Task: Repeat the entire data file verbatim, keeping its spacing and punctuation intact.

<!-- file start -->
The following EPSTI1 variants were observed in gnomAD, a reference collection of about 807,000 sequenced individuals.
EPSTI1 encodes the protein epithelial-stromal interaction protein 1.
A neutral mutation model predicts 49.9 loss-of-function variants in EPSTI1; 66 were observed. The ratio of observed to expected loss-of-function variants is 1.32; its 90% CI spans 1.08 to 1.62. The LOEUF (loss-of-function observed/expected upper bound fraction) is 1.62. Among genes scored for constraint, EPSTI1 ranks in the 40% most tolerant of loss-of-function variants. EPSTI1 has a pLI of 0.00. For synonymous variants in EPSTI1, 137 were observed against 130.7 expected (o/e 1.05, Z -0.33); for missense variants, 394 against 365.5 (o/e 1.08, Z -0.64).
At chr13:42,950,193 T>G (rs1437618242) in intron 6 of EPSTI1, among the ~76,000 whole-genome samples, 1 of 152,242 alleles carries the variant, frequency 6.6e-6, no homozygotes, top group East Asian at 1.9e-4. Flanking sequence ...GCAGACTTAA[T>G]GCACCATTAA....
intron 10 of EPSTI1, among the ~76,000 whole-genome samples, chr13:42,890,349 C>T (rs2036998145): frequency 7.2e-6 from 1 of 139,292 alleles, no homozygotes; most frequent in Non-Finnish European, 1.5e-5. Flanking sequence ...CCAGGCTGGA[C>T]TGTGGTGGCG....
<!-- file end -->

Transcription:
The following EPSTI1 variants were observed in gnomAD, a reference collection of about 807,000 sequenced individuals.
EPSTI1 encodes the protein epithelial-stromal interaction protein 1.
A neutral mutation model predicts 49.9 loss-of-function variants in EPSTI1; 66 were observed. The ratio of observed to expected loss-of-function variants is 1.32; its 90% CI spans 1.08 to 1.62. The LOEUF (loss-of-function observed/expected upper bound fraction) is 1.62. Among genes scored for constraint, EPSTI1 ranks in the 40% most tolerant of loss-of-function variants. EPSTI1 has a pLI of 0.00. For synonymous variants in EPSTI1, 137 were observed against 130.7 expected (o/e 1.05, Z -0.33); for missense variants, 394 against 365.5 (o/e 1.08, Z -0.64).
At chr13:42,950,193 T>G (rs1437618242) in intron 6 of EPSTI1, among the ~76,000 whole-genome samples, 1 of 152,242 alleles carries the variant, frequency 6.6e-6, no homozygotes, top group East Asian at 1.9e-4. Flanking sequence ...GCAGACTTAA[T>G]GCACCATTAA....
intron 10 of EPSTI1, among the ~76,000 whole-genome samples, chr13:42,890,349 C>T (rs2036998145): frequency 7.2e-6 from 1 of 139,292 alleles, no homozygotes; most frequent in Non-Finnish European, 1.5e-5. Flanking sequence ...CCAGGCTGGA[C>T]TGTGGTGGCG....